In Arizona and in many other states, mothers are typically somewhat favored in custody disputes. This is true both in divorce cases and in the cases of children born to unmarried couples. A bill in the Arizona Legislature, which has passed in the Senate, would grant full custody rights to fathers in out-of-wedlock cases. The father would need to be listed on the child's birth certificate, or both parents would need to have acknowledged paternity, for the case to fall under this potential law.
Currently, when a child is born out of wedlock in Arizona, mothers have full custody until paternity is determined and a court grants custody rights to the father. While the bill has vocal supports among father's rights advocates, there is opposition to the bill as well.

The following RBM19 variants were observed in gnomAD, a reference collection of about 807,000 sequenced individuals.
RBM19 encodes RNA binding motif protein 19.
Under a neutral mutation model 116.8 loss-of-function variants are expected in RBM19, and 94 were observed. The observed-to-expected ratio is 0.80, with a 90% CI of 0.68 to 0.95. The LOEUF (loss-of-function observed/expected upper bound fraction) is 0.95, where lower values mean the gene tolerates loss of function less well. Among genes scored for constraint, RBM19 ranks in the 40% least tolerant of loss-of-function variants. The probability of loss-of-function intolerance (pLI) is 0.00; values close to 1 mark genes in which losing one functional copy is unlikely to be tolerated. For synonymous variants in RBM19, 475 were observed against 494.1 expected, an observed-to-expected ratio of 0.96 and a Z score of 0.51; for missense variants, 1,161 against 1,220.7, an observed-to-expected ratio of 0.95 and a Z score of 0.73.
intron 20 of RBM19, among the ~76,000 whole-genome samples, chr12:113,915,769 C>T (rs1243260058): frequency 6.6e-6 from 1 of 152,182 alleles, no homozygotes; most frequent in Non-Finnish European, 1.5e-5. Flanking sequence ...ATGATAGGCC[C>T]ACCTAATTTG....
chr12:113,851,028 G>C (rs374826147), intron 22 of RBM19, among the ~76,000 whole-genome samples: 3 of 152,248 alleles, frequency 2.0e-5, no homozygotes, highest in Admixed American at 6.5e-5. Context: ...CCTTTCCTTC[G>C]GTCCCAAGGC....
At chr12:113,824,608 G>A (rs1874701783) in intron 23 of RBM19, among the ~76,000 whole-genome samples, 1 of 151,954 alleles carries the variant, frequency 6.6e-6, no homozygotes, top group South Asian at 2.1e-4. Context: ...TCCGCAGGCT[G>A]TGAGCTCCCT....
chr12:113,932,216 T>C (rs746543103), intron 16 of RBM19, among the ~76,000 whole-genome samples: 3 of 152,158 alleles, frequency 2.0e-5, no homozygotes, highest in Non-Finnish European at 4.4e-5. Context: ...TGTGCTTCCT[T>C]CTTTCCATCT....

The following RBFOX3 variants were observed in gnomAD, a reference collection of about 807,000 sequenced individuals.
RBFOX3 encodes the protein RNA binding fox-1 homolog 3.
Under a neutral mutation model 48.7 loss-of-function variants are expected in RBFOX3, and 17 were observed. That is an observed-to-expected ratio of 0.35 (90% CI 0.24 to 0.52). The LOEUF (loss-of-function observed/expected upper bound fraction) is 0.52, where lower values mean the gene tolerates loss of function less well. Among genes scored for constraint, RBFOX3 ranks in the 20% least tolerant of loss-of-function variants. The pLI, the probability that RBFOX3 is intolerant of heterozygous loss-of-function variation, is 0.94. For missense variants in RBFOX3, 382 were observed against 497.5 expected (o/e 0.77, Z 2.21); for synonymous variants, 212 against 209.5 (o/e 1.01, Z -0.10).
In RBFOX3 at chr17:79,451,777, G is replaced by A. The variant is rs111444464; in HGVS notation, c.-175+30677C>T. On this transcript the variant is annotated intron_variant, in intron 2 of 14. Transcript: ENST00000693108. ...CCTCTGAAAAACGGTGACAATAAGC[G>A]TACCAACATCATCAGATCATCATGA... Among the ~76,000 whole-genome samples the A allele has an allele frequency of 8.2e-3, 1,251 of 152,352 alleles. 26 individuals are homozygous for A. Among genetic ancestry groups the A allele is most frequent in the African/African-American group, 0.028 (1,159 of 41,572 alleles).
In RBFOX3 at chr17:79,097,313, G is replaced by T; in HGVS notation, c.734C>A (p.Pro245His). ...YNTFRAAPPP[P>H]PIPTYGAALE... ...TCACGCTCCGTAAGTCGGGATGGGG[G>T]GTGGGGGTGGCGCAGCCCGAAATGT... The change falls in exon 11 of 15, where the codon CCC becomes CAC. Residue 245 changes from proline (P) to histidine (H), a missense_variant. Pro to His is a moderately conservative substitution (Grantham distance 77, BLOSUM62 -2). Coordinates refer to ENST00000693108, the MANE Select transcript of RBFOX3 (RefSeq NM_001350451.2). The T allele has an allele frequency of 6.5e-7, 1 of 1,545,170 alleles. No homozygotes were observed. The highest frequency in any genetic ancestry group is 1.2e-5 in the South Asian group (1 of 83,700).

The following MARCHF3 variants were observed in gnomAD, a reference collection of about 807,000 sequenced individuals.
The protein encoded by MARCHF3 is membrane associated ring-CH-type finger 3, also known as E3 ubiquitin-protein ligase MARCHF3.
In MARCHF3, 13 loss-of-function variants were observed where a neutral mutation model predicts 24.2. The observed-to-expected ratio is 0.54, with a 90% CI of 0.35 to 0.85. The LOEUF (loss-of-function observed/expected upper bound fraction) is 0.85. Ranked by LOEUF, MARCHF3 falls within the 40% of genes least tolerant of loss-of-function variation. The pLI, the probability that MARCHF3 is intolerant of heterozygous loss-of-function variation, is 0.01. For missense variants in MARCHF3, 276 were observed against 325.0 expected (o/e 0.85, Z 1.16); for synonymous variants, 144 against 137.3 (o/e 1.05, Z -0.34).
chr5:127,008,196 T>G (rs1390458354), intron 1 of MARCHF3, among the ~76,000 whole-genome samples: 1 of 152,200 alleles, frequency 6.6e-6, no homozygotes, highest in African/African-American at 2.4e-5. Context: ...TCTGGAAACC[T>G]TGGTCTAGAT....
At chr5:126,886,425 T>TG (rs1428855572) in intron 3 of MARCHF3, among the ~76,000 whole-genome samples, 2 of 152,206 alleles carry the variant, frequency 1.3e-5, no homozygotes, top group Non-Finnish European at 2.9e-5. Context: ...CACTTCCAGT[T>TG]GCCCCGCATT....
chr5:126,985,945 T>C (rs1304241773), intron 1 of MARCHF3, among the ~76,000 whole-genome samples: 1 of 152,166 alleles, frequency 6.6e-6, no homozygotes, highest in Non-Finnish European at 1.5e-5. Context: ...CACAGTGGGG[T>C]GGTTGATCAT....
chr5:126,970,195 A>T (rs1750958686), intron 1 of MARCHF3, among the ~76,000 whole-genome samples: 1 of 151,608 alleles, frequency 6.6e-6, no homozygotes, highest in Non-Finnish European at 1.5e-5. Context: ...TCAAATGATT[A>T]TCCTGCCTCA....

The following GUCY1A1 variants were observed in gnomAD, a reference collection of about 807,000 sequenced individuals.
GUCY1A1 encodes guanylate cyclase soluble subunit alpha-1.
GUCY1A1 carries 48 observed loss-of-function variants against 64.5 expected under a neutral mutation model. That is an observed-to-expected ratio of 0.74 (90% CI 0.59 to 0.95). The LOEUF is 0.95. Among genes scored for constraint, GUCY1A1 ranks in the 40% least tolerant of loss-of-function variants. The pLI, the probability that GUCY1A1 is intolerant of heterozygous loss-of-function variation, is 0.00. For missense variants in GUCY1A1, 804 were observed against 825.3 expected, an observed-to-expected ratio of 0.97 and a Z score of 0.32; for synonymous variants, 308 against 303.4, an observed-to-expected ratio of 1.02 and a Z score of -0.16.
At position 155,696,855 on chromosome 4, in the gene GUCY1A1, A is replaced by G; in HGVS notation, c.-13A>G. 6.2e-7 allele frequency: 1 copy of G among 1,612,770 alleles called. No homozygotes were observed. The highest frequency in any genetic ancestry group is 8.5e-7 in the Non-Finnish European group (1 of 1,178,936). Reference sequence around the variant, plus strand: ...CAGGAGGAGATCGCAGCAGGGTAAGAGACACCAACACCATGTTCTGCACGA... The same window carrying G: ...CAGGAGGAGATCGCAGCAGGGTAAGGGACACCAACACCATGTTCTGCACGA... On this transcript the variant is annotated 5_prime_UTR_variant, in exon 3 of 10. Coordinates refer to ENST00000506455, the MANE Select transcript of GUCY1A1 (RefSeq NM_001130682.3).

Opponents say that the bill would complicate existing precedence, among other things. Under existing precedence, custody is often granted to the parent who has lived with the child the longest. Those in support of the bill have countered that the bill will be revised to avoid any unintended legal effects.
Whether this bill is passed into law or not, child custody disputes will remain an issue for some Arizona parents. When parents have a disagreement about child custody or visitation, the court will often direct parents to meet with trained mediators or a parenting conference officer. This department is known as Conciliation Services.
Attorneys are not allowed to be present for these discussions, but many parents are wise to have an attorney by their side throughout the process in order to prepare and advise them for these meetings. If this mediation does not produce results, the case will then go to court.
Source: Timesunion.com, "Joel Bernheim Praises New Arizona Bill, Expanding Father's Custody Rights," March 19, 2012